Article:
Out of sight of most mainstream media, the anti-vaccine crowd, once considered a fringe element in Canadian society, has become major player in opposing vaccine mandates and government intervention, in spreading misinformation and conspiracy theories and raising money for conservative politicians.
They have also tapped into the despair of many Canadians impacted by sky-high mortgage rates, rising food prices and a general feeling that politicians don’t really care about their welfare.
In short, the anti-vax movement has evolved into a potent political force.
They’ve done it by becoming good at spreading their voices on Facebook, TikTok, Instagram and other social media sites, convincing more and more parents against immunizing their children.
And their impact is obvious — COVID-19 vaccine rates are falling and there’s a small, but growing hesitancy to get children vaccinated against diseases such as smallpox, polio and measles. In Ontario, the latest figures indicate that so far this year only 13 per cent of the 1.8 million eligible residents and barely 40 per cent of seniors have received the updated COVID-19 vaccine.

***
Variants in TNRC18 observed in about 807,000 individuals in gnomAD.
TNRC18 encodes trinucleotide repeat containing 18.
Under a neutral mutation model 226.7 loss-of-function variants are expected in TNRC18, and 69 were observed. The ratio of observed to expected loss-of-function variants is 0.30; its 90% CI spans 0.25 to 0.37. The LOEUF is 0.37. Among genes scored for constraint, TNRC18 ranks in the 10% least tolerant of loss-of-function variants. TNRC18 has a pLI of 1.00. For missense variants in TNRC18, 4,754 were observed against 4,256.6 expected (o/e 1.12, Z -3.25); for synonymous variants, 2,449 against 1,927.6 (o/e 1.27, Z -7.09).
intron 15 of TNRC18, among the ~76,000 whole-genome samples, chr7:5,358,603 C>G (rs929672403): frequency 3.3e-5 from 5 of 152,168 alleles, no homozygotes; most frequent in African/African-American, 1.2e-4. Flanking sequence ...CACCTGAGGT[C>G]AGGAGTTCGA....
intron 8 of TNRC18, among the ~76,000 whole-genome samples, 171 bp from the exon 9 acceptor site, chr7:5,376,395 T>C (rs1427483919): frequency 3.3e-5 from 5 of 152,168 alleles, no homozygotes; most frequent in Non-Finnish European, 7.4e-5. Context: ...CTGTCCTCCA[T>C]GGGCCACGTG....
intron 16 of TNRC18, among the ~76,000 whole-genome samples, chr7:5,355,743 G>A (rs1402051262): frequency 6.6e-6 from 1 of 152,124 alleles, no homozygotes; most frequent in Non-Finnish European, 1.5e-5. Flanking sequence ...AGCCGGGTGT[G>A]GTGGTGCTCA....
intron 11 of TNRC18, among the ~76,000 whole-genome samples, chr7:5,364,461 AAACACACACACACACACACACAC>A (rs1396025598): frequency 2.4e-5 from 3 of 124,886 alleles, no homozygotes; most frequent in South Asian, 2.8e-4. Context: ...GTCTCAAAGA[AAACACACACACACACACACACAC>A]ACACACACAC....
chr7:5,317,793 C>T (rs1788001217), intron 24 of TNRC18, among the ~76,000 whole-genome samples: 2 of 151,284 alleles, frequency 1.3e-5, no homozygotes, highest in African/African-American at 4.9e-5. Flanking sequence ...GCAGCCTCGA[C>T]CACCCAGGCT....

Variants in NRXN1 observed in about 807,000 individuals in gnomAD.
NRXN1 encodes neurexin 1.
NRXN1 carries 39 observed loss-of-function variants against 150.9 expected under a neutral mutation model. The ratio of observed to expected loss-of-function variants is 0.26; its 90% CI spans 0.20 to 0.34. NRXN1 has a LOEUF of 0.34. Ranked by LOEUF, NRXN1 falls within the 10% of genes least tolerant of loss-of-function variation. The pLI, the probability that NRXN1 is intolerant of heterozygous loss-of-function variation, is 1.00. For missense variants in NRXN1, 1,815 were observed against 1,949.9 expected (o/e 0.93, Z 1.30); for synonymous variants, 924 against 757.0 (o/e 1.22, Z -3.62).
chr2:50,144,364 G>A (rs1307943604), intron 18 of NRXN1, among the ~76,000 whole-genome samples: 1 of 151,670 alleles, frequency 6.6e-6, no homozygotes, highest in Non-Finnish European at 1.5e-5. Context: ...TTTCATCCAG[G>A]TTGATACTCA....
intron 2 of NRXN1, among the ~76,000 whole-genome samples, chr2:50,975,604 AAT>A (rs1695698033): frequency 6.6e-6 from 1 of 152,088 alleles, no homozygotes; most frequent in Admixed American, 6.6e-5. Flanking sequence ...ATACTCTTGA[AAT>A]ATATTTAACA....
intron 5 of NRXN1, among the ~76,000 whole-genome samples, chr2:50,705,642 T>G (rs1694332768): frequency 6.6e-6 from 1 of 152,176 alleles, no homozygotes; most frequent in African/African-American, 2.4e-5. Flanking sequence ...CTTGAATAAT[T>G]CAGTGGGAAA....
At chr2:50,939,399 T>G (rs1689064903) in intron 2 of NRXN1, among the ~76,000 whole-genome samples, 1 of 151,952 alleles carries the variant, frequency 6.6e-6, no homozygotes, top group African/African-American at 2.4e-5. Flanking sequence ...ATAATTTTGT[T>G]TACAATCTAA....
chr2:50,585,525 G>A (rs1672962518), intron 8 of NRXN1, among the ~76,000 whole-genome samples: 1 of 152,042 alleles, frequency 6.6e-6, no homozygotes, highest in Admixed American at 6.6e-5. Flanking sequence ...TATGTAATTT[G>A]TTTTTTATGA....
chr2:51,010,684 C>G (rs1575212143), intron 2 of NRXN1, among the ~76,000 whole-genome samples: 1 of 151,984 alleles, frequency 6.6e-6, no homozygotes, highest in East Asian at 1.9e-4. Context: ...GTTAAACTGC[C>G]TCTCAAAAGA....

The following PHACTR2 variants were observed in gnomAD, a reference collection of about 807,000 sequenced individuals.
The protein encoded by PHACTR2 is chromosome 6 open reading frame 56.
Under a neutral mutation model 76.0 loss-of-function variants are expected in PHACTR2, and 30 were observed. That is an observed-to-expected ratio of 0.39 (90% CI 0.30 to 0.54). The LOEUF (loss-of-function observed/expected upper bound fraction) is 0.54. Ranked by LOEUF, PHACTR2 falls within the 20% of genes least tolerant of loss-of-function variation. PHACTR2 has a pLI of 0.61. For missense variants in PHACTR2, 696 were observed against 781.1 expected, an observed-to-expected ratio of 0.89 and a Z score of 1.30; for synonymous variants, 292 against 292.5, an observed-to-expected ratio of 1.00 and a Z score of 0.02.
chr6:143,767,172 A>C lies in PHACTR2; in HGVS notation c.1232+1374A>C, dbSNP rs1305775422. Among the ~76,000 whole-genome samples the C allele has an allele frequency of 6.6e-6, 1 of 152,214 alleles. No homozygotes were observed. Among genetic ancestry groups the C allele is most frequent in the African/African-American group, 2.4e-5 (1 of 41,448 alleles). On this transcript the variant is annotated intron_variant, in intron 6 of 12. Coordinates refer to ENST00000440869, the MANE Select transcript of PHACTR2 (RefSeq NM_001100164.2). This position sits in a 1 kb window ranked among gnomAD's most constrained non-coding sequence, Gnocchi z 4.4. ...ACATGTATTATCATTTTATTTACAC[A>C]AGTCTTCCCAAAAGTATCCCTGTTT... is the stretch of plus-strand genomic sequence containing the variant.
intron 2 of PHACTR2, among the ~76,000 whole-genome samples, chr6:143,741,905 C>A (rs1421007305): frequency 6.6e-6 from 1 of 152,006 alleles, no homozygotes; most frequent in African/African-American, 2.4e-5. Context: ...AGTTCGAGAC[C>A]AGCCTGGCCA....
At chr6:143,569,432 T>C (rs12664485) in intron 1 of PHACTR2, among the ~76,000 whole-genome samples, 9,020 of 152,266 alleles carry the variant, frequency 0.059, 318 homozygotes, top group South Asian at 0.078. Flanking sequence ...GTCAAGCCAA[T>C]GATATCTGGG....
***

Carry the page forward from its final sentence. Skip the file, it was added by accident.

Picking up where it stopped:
...I’ve given up on the notion that facts will change an anti-vaxxer’s mind.
Instead, governments, health agencies and professional groups must take the lead in an all-out battle against anti-vaxxer propaganda and misinformation with renewed, strong public health messaging.
It was Peter Hotez, dean of the National School of Tropical Medicine at Baylor College of Medicine in Texas, who warned about “the bad guys,” cautioning that they “are winning, in part because health agencies either underestimate or deny the reach of anti-science forces and are ill-equipped to counter it.”
It’s a warning Canadians as well as American must take to heart because if we don’t take it seriously then the anti-vax movement will recruit more people, its base will expand and public confidence in vaccines will erode more than it has already.